I planted all of my seeds on the same day, but as you might be able to see in the pic below, some of them sprouted and grew before the others. The beans sprouted quickly and were up in the air in no time, while I was just staring hopefully at empty beds for a while before I saw even a glimpse of coriander or peppers. Even amongst the beans som
e were growing faster than others. They were receiving the same conditions, nurtured in the same environment, but growing at different rates.

When we look at children's language development, we may have a group of children who are the same age, who have similar nurturing environments, however some may be developing language quickly, whereas for whatever reason some may have delayed language. Som
e plants, like my red onions, may need a bit of a push, or some extra help (e.g fertiliser/plant food) getting them to where we want them to be, wh
ile in the same way parents may need to provide more focused language input or bring them to us friendly, lovable speech therapists, who provide that extra 'nurturing'.

Sometimes we need to ask an expert about what is typical or atypical for growth and development. We may need some assurance that everything is following its natural course of development and just requires time, or someone to highlight the red flags to show that something might be wrong and more needs to be done.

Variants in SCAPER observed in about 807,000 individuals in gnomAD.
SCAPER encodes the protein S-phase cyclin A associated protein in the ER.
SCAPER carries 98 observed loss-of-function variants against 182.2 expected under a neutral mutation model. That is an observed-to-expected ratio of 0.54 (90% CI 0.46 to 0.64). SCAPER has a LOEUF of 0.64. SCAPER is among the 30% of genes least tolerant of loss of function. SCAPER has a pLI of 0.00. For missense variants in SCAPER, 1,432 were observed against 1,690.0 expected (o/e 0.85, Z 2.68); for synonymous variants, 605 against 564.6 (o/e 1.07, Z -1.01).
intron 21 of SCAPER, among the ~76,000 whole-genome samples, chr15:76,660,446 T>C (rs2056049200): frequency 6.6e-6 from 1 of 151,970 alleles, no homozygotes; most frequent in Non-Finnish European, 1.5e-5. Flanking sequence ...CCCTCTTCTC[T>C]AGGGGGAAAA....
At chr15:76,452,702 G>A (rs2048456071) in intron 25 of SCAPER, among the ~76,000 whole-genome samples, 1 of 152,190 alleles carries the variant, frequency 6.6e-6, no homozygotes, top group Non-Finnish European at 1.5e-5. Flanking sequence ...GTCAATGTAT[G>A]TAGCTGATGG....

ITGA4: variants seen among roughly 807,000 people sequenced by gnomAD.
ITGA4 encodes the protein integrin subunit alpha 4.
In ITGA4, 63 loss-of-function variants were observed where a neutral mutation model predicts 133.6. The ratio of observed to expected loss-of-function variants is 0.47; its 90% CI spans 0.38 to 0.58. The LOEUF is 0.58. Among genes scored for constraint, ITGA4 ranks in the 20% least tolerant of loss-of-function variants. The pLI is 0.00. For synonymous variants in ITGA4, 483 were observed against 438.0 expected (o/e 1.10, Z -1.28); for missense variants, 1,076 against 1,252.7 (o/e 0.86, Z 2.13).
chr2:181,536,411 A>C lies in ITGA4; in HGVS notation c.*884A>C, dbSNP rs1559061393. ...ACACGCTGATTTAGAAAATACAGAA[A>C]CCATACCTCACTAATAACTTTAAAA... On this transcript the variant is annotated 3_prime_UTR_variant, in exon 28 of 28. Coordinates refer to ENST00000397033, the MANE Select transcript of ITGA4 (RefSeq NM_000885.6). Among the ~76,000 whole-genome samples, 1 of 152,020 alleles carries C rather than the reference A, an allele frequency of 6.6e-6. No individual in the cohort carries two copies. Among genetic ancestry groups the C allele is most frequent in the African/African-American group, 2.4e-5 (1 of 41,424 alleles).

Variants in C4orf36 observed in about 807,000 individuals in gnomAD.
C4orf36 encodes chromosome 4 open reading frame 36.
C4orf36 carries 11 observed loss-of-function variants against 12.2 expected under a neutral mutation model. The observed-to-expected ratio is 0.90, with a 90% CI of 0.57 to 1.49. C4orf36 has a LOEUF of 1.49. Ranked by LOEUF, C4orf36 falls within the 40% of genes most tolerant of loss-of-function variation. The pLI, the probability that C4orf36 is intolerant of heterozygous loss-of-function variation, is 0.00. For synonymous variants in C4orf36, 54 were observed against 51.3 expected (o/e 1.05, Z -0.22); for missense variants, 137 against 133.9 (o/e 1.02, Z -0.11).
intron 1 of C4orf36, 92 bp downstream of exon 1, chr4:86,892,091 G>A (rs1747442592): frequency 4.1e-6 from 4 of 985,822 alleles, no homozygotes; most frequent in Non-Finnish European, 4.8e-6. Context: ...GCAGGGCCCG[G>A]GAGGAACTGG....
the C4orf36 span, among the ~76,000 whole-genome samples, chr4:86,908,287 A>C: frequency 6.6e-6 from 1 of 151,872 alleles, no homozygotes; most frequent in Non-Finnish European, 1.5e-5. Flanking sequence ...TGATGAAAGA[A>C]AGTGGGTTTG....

My mum has been my expert gardener, and after dragging her out to my garden yesterday in despair, she shared something with me that I had to share with a parent today. She told me:
"All plants are different; you need to stop comparing them to the other plants and look at what is happening to each individual one. You were so busy focusing on how tall the beans were growing past the others, that you didn't even realise that the cilantro plants have sent out new leaves"

This was true, I had failed to realise that the seedlings which initially looked like little weeds, were now starting to push out new leaves in the middl
e that actually looked like real cilantro leaves. My mothers words reminded me of what I tell parents constantly. Stop focusing on what John and Jane are doing, and look at your child's individual gains, look at his strengths and what he is now able to do that he could not do 2 months ago. You may miss out on some of the most important communication achievements. Words from my garden :)

The last analogy came to me this afternoon, when I looked outside and saw all of my pea plants almost lying on the ground.

I dragged mum outside again (yea she's getting very tired of me and this garden) who showed me that they were not dying to get back at me for talking to the beans more, but actually searching for a support system. In this case our neighbour's fence was the closest thing so they were headed for that. She noted that some plants, although they were growing, needed some type of device to help support their growth and to help them flourish. This evening we made a makeshift trellis or augmentative device to help with their growth. The acronym AAC was going off in my head as she told me this, as we can use these devices to supplement and enhance language development in children. Definitely another one to share with parents.

So there you have my 'little garden that could' and my speech and language therapy ramblings as I pretend to be Martha Stewart. Now to find a way to use it in direct therapy!